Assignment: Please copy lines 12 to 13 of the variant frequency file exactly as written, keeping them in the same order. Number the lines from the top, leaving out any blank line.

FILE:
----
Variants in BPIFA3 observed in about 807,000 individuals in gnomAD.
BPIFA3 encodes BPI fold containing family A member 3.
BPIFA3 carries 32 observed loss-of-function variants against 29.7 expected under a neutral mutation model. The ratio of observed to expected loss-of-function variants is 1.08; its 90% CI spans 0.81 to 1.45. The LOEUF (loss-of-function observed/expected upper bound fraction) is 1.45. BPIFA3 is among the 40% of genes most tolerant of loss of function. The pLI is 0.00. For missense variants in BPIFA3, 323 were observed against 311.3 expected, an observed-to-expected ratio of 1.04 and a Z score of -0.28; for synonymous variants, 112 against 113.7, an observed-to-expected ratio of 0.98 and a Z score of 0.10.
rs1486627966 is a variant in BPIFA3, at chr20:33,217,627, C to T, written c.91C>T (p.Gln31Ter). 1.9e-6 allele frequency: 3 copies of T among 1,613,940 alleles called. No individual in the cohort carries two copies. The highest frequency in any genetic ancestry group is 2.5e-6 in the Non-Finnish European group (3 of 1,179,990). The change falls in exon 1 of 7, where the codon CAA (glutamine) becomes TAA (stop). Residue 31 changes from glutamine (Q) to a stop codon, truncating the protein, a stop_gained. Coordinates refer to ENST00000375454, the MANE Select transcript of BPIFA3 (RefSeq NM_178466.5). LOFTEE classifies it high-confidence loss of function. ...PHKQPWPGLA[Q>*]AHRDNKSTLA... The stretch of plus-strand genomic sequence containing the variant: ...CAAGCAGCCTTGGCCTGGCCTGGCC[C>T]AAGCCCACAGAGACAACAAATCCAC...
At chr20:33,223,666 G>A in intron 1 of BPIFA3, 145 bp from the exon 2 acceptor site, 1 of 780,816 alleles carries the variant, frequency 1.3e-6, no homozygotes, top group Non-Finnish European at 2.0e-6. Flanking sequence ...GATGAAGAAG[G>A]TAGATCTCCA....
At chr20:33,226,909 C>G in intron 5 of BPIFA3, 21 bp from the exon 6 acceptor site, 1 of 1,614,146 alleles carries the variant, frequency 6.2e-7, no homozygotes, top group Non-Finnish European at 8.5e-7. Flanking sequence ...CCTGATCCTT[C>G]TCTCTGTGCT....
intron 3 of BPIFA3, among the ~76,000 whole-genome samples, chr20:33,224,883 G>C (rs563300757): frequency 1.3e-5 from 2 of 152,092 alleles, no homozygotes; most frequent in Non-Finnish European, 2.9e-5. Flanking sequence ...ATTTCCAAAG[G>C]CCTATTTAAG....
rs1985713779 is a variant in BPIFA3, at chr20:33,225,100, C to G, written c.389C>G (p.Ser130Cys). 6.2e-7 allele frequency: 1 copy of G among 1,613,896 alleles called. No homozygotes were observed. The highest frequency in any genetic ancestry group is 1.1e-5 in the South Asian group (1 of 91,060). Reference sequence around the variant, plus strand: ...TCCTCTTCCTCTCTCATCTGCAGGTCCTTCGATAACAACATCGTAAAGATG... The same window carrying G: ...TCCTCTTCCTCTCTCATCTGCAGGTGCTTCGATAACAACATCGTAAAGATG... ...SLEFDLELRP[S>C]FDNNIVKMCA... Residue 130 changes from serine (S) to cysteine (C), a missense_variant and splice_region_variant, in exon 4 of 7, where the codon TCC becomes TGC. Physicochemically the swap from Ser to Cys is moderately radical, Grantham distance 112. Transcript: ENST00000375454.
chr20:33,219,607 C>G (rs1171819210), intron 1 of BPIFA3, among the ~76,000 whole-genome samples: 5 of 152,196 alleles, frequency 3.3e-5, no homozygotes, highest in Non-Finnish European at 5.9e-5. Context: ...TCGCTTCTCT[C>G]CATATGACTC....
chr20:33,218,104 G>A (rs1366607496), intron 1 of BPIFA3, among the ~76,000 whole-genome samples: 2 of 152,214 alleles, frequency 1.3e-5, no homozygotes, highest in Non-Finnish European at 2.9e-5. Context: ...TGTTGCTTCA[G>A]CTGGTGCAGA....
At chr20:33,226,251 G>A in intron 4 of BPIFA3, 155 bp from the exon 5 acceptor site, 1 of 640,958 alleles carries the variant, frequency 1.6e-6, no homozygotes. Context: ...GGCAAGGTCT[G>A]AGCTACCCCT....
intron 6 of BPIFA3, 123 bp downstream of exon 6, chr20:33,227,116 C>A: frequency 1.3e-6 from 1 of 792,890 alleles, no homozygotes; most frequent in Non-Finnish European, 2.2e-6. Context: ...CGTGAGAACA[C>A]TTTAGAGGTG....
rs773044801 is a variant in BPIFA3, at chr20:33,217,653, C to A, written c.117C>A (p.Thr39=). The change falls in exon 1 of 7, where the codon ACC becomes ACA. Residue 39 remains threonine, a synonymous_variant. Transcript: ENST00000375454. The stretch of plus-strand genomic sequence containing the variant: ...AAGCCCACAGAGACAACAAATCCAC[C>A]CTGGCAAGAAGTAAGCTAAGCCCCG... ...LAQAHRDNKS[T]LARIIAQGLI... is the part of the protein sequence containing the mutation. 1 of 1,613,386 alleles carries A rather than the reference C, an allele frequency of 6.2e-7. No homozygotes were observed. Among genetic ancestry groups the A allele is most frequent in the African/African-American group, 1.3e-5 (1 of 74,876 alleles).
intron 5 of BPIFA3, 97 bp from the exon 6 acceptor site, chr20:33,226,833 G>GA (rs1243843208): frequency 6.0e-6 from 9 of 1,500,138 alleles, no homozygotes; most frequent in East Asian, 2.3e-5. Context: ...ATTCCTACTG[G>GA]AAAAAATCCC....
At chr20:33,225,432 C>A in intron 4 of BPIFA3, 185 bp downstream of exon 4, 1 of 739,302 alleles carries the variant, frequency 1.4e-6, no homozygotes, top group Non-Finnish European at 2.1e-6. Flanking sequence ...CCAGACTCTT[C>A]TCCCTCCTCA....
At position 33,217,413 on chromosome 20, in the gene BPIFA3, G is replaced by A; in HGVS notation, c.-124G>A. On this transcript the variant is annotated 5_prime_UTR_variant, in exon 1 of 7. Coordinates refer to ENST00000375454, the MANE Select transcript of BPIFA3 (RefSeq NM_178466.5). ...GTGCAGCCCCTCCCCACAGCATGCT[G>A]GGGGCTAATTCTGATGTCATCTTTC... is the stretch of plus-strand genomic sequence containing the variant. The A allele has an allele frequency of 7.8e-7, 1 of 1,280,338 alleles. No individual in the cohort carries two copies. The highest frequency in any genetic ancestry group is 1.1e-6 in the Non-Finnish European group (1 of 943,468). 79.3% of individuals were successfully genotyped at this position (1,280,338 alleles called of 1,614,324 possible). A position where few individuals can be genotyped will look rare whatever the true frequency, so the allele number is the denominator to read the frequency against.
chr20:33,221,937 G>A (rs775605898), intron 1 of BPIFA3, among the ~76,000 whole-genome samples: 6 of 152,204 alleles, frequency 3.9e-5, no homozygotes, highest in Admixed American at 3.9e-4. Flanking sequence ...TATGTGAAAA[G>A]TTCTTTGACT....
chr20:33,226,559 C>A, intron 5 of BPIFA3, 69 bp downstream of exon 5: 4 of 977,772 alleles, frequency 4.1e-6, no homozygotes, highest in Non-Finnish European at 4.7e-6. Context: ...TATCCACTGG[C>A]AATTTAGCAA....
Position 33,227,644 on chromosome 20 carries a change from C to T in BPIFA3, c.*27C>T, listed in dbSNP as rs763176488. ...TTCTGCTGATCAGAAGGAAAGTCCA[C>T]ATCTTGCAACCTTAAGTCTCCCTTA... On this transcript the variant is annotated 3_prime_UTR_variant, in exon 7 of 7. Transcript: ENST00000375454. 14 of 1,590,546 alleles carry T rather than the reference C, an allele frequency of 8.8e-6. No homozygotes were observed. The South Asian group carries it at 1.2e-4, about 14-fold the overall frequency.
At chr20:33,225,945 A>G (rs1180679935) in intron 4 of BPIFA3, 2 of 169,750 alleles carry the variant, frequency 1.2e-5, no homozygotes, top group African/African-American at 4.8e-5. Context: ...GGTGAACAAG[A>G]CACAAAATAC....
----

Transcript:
intron 6 of BPIFA3, 123 bp downstream of exon 6, chr20:33,227,116 C>A: frequency 1.3e-6 from 1 of 792,890 alleles, no homozygotes; most frequent in Non-Finnish European, 2.2e-6. Context: ...CGTGAGAACA[C>A]TTTAGAGGTG....
rs773044801 is a variant in BPIFA3, at chr20:33,217,653, C to A, written c.117C>A (p.Thr39=). The change falls in exon 1 of 7, where the codon ACC becomes ACA. Residue 39 remains threonine, a synonymous_variant. Transcript: ENST00000375454. The stretch of plus-strand genomic sequence containing the variant: ...AAGCCCACAGAGACAACAAATCCAC[C>A]CTGGCAAGAAGTAAGCTAAGCCCCG... ...LAQAHRDNKS[T]LARIIAQGLI... is the part of the protein sequence containing the mutation. 1 of 1,613,386 alleles carries A rather than the reference C, an allele frequency of 6.2e-7. No homozygotes were observed. Among genetic ancestry groups the A allele is most frequent in the African/African-American group, 1.3e-5 (1 of 74,876 alleles).